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What is the difference in meaning between out and up and down in the following sentences?

  1. I am holding out hope for a white Christmas.

  2. I am holding hope for a white Christmas.

  3. I am holding up hope for a white Christmas.

  4. I am holding down hope for a white Christmas.

Does "1) I am holding out hope for a white Christmas" mean "I think there is the low probability that it will snow by Christmas. But I hope it snows." ?

Does "2) I am holding hope for a white Christmas" mean "I think there is the normal probability that it will snow by Christmas. But I hope it snows." ?

Does "3) I am holding up hope for a white Christmas" mean "I think there is the highest probability that it will snow by Christmas. But I hope it snows." ?

Does "4) I am holding down hope for a white Christmas" mean "I think there is the lowest probability that it will snow by Christmas. But I hope it snows." ?

If so, what does "I am holding on hope for a white Christmas" mean?

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    English 'directions' when used to support other actions not normally associated with a direction don't have a fixed set of rules. You really have to know which is used for which, you cannot possibly guess at any meaning if another 'direction' was applied. Some will sometimes work, mostly there are only one or two valid ones. Generally, your alternatives here don't work & the definitions are wild guesswork. Apr 14, 2023 at 8:44
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    The first isn't very natural, and I'd venture to say that no native English speaker would really say that. 2,3, and 4 make no sense at all. It would be more natural to say "I am hoping for a white Christmas".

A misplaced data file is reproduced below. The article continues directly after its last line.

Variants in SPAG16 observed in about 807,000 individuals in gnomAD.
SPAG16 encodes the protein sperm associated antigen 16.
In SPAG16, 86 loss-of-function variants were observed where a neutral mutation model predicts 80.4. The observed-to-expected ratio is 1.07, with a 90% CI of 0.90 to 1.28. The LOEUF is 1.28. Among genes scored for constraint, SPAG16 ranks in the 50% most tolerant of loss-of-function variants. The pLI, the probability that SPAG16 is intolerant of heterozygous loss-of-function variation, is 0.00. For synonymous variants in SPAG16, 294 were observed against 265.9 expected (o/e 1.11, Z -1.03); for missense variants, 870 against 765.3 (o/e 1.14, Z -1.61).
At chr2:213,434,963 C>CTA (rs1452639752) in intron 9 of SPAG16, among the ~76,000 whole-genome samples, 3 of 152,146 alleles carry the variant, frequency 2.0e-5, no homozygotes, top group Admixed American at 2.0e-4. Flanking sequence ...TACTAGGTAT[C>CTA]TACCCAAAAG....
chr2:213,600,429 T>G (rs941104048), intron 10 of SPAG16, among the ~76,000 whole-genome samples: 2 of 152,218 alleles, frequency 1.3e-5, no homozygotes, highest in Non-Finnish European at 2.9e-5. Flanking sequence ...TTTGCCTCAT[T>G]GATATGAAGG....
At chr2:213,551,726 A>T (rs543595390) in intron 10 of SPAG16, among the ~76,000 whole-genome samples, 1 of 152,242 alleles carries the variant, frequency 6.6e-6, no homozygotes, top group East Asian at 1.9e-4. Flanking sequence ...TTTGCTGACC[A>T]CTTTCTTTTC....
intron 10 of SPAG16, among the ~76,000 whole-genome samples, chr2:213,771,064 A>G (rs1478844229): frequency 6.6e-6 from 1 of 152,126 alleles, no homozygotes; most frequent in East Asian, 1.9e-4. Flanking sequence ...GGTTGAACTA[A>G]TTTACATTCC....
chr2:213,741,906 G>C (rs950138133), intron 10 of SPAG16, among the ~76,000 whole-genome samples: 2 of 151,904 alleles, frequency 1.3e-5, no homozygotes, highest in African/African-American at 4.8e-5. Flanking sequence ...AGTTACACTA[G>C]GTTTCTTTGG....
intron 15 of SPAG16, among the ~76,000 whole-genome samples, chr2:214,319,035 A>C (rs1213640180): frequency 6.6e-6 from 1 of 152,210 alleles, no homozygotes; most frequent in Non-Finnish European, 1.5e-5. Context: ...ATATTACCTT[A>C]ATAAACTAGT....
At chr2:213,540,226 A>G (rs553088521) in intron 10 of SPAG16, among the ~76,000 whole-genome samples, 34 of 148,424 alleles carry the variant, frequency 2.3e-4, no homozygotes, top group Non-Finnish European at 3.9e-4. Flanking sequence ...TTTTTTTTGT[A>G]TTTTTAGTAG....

– Billy Kerr
    Apr 14, 2023 at 13:56
  • 2, 3 and 4 are simply unidiomatic.
    – Lambie
    Apr 14, 2023 at 14:43

3 Answers 3

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The first isn't very natural, and I'd venture to say that no native English speaker would really say that. You can "hold out hope for something", but in this particular context it seems a little odd. You could use it though, it's not wrong, and you would be understood.

Examples 2,3, and 4 make no sense at all. To "hold hope" doesn't make any sense. "Hold up" is a phrasal verb which means to hinder/slow something down, so it doesn't make any sense used here. It also has several other unrelated meanings depending on context - to rob, to hide away. "Hold down" is a phrasal verb, often used in the expression "hold down a job", to remain in employment, to keep a job (and not get fired), or in the more literal sense of physically holding something down, like a key on a computer. So, again this doesn't make any sense before "hope".

It would be more natural to say I am hoping for a white Christmas, or I am still hoping for a white Christmas if you want to emphasize the fact it might never actually happen, and your hope is probably in vain.